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Parchment determined to rehabilitate Junction Health Centre in his first term
Senior Staff Reporter
With finance minister Dr Peter Phillips set to table the 2015-2016 Budget in the House of Representatives in weeks, members of parliament are anxiously waiting to see whether funding has been earmarked for projects they have identified in their constituencies.
Among them is Richard Parchment, the member of parliament for South East St Elizabeth, who says he was promised by Dr Fenton Ferguson, the health minister, that money will be provided for the completion of the maternity wing of a medical centre in Junction in the constituency. According to Parchment, at least $15 million is what will be required from the national purse.
Although built some 40 years ago, the maternity wing of the hospital, which occupies 1,800 square feet of space, was never furnished and put into service.
"As night follows day, I am going to get that up and running. I know of situations where pregnant mothers are rushing to go to several kilometres away to Mandeville to deliver their babies, and sometimes when they get to Spur Tree, they are having the child in the vehicle," said Parchment.
Businessman Winston Sinclair, who donated two motor cars and a motorbike in the 1970s to enable the construction of the medical complex, said he would want to see the maternity wing come to fruition in his lifetime.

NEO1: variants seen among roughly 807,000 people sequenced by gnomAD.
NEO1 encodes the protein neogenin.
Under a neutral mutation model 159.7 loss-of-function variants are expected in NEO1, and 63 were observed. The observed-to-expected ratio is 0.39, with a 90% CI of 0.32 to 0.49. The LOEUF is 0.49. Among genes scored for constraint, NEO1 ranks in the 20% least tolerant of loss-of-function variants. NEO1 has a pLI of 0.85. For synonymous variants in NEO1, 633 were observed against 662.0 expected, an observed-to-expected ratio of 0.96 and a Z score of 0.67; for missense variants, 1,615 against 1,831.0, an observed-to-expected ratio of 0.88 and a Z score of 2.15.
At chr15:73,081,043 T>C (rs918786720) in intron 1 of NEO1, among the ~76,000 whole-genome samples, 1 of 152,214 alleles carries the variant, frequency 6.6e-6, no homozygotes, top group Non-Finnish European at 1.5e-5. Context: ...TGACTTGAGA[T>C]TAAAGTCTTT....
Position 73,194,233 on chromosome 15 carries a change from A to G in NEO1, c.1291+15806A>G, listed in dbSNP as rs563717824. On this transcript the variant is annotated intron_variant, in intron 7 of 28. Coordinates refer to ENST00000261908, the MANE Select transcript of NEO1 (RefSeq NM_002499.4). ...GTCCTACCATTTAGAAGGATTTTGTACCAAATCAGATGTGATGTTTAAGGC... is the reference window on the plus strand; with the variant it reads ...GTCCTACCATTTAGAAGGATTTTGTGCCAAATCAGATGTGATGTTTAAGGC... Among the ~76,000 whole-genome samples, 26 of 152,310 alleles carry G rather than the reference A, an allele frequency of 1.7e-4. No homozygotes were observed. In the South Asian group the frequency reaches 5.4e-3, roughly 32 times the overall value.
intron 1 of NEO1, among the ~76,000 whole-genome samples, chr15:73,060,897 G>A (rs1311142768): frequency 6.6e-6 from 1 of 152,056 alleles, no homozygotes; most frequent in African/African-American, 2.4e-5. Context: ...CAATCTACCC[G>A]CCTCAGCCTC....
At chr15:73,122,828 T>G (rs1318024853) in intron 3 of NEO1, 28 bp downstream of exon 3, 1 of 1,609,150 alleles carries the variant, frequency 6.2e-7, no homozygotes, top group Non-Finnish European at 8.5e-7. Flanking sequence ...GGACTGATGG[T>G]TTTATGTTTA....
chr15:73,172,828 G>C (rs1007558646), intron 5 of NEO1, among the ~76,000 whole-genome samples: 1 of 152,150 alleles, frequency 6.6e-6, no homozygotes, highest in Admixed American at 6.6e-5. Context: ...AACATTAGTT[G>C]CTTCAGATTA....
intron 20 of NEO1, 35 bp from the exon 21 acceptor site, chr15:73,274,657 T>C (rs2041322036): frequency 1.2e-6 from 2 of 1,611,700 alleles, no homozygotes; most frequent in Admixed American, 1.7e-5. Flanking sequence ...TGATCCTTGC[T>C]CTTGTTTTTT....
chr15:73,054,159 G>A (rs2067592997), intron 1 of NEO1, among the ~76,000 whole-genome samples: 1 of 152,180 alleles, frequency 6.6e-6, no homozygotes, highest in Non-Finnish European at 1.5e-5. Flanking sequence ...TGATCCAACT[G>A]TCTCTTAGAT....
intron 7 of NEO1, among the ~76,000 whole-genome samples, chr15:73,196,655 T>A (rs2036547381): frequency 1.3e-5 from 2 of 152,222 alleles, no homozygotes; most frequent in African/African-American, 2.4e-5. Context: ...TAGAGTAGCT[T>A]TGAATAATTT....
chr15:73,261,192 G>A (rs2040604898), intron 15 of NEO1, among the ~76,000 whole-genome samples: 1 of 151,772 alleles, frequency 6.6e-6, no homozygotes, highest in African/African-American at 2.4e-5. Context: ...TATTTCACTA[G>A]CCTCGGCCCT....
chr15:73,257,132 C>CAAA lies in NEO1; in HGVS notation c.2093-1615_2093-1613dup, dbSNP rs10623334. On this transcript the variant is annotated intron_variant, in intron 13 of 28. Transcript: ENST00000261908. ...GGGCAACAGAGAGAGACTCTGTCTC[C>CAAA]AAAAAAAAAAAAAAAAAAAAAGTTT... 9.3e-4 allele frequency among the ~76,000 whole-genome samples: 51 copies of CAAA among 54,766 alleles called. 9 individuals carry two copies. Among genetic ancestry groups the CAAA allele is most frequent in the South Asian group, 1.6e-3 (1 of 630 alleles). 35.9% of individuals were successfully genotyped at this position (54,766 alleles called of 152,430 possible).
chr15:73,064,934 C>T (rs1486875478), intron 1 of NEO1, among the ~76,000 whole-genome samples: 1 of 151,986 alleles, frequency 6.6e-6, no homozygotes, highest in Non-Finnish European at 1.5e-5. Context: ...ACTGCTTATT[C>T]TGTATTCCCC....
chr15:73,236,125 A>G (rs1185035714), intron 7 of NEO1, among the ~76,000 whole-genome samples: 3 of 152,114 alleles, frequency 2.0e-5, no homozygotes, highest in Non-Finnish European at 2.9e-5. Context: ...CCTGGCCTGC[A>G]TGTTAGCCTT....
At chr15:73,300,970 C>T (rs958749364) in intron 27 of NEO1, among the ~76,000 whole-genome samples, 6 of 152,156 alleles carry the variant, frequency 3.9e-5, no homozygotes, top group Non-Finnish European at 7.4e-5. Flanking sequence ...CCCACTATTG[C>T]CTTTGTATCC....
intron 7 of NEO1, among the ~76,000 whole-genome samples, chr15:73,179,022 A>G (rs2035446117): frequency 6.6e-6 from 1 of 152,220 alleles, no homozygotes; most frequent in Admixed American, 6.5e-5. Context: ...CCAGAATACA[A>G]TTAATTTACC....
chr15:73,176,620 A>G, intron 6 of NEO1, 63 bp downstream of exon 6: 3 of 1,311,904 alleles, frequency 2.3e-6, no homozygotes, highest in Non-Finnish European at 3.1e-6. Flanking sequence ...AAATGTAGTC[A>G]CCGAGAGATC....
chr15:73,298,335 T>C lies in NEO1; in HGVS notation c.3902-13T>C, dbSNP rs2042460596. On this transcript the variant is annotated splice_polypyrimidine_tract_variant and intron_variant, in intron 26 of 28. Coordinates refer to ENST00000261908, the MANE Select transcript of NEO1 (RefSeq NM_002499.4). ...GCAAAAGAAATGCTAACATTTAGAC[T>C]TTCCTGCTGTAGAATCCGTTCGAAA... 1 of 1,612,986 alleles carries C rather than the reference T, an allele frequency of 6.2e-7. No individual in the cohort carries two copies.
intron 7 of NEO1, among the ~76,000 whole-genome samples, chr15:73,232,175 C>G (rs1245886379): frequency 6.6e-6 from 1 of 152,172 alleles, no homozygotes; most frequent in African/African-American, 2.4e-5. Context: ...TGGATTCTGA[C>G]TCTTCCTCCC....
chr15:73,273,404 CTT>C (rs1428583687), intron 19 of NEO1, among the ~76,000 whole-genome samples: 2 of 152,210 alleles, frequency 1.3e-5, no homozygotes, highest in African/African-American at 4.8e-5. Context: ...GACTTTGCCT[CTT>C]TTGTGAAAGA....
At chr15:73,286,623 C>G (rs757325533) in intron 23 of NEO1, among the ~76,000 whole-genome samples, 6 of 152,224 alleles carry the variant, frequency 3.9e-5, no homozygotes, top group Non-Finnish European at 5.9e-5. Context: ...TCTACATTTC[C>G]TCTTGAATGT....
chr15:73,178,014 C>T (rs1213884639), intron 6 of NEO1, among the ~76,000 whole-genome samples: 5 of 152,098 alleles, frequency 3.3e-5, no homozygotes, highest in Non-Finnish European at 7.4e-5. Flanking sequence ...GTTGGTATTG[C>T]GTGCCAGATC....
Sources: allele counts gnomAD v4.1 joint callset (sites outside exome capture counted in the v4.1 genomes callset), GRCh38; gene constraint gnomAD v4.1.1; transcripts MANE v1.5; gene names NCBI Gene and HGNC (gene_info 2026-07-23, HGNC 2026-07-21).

Sinclair, a member of the People's National Party, who served as councillor for the Myersville division between 1997 and 2007, told The Sunday Gleaner that the bike, a Toyota Cressida, which he said was the first of its kind in the island, and a Ford Capri were raffled and the funds used to construct the facility.
"What I told the minister is that what we have set out to achieve for the people should come true. We have waited nearly 40 years for that," declared Sinclair.
The medical centre, the brain-child of former Member of Parliament Derrick Rochester, is a 6,000-square foot facility which sits on half acre of land and includes a doctor's cottage, maternity wing and dental offices.
"This is something that the people of South East St Elizabeth came together to do. I am going to complete it. It must be done and I am going to do it within my first term," said Parchment, who has now entered the fourth year of his five-year term as MP.
"I have another year or so left and this must be accomplished. The history of the Junction Health Centre, why I am so passionate about it, is that it was built by the sweat and blood of the people in South East St Elizabeth. The Government never provided any money towards the construction; we built it, and as member of parliament, I have a duty to ensure that the facility, which is rundown, is rehabilitated.
"We have been able to get $16 million through the National Health Fund and PetroCaribe Development Fund to significantly upgrade over there. We have redone the room, we have reinserted the dental section, and now more than 2,000 persons are seen there each month," Parchment said.
"The minister has been here, we have had several meetings and he has indicated that he could not do it in the 2014-15 budget but in the 2015-2016 budget it will be done, and as a member of parliament, it is going to give me tremendous joy and pride to see that facility completed. We built it and the Government must do the rest," he added.
Parchment points to the unfinished roof inside what should be the maternity wing at the medical centre in Junction.
Norman Grindley/Chief Photographer
Parchment (right) outside the partially done maternity wing at the medical centre in Junction.
I have another year or so left and this must be accomplished.